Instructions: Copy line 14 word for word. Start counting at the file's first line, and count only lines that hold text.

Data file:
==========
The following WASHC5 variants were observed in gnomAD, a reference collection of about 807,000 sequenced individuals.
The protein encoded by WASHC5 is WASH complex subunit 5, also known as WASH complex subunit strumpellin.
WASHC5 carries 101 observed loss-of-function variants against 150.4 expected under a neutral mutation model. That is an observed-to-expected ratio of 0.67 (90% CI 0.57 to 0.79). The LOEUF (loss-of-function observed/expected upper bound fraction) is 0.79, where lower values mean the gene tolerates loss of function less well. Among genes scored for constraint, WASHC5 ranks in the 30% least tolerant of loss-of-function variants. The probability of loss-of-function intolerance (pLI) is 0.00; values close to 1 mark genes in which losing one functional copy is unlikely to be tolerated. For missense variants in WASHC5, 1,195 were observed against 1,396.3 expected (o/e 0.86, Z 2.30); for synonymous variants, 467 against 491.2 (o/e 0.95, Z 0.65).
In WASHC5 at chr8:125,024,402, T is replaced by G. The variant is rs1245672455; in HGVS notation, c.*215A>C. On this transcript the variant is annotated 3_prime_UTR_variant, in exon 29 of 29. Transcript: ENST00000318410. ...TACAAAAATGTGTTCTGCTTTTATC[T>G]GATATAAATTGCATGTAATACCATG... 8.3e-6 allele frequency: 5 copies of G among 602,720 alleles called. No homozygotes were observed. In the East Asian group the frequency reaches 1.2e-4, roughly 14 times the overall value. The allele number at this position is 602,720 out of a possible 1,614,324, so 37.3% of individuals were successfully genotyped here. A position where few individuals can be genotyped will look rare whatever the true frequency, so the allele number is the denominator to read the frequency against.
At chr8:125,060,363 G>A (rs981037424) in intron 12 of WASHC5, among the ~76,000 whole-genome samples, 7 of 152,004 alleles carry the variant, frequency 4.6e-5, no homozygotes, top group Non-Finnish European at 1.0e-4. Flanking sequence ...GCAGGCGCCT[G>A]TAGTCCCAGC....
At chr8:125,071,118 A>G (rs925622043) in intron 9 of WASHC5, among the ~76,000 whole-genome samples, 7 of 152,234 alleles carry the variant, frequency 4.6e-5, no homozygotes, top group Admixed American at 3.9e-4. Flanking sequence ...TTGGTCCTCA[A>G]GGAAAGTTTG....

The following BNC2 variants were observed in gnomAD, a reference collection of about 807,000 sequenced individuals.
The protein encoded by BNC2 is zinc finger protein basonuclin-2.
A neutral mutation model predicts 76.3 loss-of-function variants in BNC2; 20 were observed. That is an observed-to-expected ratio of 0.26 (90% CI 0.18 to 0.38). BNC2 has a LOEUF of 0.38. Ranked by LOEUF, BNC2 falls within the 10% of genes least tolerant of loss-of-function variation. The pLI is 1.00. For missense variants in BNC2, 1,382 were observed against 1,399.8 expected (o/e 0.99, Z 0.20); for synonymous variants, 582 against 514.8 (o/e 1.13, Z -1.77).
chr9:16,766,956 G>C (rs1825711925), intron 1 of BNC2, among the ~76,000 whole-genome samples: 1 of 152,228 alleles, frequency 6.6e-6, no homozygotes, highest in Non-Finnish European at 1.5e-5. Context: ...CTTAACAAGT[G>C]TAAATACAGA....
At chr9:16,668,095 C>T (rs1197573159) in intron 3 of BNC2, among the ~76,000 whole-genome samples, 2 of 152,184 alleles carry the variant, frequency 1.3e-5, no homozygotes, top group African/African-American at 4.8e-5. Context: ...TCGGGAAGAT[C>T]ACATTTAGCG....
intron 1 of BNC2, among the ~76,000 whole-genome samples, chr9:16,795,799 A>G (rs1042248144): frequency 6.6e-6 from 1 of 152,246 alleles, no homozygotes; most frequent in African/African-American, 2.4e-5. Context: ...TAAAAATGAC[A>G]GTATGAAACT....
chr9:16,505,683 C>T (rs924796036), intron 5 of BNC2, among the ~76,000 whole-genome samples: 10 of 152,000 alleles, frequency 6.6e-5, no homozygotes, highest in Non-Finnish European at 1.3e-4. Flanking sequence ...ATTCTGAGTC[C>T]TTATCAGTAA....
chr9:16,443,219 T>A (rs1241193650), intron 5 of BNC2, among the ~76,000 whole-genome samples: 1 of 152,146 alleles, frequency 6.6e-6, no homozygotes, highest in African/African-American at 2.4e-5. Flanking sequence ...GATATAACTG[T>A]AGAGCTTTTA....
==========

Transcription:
chr9:16,443,219 T>A (rs1241193650), intron 5 of BNC2, among the ~76,000 whole-genome samples: 1 of 152,146 alleles, frequency 6.6e-6, no homozygotes, highest in African/African-American at 2.4e-5. Flanking sequence ...GATATAACTG[T>A]AGAGCTTTTA....